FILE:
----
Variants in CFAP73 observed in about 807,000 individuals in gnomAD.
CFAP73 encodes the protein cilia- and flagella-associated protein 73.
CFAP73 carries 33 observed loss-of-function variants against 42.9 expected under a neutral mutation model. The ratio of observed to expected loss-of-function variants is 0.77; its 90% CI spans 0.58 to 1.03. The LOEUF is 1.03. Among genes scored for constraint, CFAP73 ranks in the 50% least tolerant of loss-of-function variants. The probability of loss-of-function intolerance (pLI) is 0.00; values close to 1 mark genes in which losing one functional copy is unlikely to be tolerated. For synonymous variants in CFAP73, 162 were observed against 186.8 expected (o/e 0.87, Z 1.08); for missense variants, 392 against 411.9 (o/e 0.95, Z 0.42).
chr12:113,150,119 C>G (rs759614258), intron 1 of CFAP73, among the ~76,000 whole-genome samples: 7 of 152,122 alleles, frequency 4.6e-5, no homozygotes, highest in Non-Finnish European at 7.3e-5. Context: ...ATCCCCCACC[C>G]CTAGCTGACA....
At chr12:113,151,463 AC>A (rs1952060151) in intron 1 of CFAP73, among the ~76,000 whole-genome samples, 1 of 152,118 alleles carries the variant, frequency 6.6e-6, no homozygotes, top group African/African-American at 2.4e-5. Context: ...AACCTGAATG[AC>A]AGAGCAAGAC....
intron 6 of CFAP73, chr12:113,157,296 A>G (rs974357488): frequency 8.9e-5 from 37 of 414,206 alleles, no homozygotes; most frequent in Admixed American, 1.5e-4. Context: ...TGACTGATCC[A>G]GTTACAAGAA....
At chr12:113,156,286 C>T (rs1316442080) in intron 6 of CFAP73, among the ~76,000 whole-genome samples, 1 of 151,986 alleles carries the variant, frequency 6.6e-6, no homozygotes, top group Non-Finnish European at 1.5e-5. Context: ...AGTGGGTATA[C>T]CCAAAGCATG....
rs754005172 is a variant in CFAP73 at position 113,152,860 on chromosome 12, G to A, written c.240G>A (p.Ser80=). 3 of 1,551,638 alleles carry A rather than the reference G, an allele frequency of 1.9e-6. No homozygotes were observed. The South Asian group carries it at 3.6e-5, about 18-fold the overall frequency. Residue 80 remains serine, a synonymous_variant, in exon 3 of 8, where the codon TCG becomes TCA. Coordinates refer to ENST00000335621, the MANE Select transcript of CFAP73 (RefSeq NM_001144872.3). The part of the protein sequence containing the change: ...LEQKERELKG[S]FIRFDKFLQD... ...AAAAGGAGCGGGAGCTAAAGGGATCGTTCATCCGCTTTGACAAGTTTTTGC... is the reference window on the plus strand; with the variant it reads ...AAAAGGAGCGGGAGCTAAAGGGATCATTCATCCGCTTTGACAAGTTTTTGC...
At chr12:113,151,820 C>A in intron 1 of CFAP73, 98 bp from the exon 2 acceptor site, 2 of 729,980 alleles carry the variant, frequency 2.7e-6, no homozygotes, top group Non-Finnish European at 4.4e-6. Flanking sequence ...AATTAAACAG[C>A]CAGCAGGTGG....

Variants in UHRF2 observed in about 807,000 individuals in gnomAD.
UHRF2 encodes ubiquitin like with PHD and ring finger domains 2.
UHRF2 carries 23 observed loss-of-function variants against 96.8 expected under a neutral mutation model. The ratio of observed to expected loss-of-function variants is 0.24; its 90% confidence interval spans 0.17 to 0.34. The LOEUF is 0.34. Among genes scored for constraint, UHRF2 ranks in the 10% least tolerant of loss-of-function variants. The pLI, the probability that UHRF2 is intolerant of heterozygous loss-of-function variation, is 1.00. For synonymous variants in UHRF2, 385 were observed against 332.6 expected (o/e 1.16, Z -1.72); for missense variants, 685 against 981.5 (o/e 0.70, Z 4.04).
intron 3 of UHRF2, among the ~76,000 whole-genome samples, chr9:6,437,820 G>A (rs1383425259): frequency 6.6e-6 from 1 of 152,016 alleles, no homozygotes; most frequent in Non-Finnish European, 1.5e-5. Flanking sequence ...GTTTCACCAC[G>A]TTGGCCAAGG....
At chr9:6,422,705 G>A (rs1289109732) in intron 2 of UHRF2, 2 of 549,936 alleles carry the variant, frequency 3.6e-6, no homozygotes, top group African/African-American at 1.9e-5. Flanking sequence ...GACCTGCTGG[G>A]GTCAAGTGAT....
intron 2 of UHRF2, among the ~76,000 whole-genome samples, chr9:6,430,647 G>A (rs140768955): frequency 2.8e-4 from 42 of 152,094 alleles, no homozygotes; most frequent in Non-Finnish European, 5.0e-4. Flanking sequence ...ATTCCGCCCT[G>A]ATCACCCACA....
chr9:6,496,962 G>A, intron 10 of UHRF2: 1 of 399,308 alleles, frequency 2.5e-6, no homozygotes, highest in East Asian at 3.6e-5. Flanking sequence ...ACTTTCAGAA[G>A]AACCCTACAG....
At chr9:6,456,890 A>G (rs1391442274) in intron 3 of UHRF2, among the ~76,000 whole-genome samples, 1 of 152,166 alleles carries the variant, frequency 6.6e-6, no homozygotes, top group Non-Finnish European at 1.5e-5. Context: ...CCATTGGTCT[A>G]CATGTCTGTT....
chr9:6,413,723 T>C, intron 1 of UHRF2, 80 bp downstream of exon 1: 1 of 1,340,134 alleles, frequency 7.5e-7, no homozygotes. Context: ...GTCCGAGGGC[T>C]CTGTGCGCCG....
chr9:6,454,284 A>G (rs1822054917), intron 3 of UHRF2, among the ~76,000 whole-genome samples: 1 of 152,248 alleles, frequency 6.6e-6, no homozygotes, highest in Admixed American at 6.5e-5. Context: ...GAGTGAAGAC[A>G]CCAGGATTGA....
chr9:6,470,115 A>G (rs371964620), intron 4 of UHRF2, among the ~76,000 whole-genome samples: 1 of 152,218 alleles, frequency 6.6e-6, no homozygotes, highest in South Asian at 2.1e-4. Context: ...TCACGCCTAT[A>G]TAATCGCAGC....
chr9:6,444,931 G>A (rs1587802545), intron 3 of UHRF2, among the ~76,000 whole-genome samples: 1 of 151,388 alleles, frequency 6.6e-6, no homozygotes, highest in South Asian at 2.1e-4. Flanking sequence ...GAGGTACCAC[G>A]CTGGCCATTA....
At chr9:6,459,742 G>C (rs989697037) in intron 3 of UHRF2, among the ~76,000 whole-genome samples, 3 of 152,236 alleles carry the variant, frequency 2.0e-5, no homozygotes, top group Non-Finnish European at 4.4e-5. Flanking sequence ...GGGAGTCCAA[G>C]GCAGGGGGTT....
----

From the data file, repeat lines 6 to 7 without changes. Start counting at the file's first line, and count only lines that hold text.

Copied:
intron 6 of CFAP73, chr12:113,157,296 A>G (rs974357488): frequency 8.9e-5 from 37 of 414,206 alleles, no homozygotes; most frequent in Admixed American, 1.5e-4. Context: ...TGACTGATCC[A>G]GTTACAAGAA....
At chr12:113,156,286 C>T (rs1316442080) in intron 6 of CFAP73, among the ~76,000 whole-genome samples, 1 of 151,986 alleles carries the variant, frequency 6.6e-6, no homozygotes, top group Non-Finnish European at 1.5e-5. Context: ...AGTGGGTATA[C>T]CCAAAGCATG....